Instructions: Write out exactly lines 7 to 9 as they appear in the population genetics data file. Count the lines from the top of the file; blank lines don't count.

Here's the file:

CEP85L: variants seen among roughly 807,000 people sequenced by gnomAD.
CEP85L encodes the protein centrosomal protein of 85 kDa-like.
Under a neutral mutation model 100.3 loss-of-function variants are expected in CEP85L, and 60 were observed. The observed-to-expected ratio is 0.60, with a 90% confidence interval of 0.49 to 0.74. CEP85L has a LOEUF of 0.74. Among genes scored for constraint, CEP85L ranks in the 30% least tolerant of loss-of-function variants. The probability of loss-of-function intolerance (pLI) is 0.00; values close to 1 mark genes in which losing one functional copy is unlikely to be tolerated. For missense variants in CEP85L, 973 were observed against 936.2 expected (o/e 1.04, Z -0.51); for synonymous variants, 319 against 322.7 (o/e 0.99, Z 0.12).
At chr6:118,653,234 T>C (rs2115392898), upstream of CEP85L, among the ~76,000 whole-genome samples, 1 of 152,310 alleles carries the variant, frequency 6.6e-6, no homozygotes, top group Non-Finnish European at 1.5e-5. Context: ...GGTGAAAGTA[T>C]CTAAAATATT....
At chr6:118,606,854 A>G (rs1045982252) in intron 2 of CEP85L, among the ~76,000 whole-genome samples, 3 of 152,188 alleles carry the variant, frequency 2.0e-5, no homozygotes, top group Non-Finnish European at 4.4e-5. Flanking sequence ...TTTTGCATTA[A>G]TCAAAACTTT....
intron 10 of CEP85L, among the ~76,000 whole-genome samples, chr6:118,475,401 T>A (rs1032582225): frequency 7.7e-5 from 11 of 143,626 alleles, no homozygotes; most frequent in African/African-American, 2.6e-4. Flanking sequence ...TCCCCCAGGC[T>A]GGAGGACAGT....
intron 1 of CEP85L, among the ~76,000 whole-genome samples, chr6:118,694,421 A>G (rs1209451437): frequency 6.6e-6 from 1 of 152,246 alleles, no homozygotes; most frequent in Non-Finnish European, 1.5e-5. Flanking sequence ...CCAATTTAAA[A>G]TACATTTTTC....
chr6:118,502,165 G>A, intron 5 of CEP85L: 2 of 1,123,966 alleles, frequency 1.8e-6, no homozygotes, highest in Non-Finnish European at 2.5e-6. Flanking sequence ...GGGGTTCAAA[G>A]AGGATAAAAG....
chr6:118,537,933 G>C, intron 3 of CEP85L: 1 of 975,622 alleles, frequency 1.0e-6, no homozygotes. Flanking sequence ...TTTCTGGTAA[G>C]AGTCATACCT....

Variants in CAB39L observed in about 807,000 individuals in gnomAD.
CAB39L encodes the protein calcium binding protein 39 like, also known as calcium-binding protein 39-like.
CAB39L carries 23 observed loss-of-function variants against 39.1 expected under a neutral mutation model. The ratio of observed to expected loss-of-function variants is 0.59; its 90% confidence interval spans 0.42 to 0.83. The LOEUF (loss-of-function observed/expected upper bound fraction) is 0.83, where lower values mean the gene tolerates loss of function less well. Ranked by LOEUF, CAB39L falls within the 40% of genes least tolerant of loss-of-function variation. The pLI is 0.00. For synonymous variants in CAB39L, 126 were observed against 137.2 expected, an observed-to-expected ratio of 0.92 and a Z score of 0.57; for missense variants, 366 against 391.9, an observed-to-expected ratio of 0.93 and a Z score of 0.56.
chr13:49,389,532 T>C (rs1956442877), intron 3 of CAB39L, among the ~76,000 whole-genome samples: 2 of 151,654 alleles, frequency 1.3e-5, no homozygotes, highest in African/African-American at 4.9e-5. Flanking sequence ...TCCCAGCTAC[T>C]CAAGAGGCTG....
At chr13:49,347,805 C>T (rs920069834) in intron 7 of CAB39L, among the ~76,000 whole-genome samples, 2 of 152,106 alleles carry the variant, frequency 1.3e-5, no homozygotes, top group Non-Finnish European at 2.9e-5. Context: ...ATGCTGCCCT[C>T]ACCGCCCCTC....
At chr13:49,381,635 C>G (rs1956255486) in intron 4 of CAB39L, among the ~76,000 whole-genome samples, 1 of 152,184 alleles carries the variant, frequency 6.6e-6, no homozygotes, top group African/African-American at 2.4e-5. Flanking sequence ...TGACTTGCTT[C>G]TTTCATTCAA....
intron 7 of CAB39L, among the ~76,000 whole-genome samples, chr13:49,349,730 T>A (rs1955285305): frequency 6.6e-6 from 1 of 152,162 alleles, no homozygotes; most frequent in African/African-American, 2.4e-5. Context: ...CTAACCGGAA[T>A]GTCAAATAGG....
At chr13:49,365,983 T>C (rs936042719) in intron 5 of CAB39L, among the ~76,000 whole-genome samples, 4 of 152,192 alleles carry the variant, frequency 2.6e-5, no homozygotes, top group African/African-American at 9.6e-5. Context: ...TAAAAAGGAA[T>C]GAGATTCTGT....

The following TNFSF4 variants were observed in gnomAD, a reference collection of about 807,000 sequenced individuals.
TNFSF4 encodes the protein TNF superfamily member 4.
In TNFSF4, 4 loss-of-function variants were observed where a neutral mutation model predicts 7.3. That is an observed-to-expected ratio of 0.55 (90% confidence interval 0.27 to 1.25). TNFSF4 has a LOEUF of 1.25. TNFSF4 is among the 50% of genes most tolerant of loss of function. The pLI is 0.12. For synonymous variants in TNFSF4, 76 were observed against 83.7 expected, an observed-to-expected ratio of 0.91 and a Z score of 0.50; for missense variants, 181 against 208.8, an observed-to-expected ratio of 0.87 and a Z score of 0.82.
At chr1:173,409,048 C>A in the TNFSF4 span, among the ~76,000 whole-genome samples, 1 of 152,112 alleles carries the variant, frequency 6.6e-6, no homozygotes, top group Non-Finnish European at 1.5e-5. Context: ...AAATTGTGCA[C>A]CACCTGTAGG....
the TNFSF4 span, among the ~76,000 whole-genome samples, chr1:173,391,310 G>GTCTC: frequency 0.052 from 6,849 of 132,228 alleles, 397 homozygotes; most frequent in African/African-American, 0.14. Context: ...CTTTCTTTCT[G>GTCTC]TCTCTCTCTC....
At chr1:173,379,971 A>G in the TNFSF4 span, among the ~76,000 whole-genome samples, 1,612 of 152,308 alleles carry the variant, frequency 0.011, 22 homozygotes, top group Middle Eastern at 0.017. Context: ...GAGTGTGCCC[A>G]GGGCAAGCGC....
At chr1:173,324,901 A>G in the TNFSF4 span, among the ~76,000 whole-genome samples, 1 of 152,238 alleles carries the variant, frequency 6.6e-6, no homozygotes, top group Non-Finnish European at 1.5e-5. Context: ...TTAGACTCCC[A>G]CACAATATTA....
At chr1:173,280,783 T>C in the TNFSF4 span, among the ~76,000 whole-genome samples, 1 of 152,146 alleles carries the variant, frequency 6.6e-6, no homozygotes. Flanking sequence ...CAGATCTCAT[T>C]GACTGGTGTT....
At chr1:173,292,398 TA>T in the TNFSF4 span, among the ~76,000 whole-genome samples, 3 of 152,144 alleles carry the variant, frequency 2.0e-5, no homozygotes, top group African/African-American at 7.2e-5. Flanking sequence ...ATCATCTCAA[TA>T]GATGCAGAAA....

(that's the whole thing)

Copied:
intron 1 of CEP85L, among the ~76,000 whole-genome samples, chr6:118,694,421 A>G (rs1209451437): frequency 6.6e-6 from 1 of 152,246 alleles, no homozygotes; most frequent in Non-Finnish European, 1.5e-5. Flanking sequence ...CCAATTTAAA[A>G]TACATTTTTC....
chr6:118,502,165 G>A, intron 5 of CEP85L: 2 of 1,123,966 alleles, frequency 1.8e-6, no homozygotes, highest in Non-Finnish European at 2.5e-6. Flanking sequence ...GGGGTTCAAA[G>A]AGGATAAAAG....
chr6:118,537,933 G>C, intron 3 of CEP85L: 1 of 975,622 alleles, frequency 1.0e-6, no homozygotes. Flanking sequence ...TTTCTGGTAA[G>C]AGTCATACCT....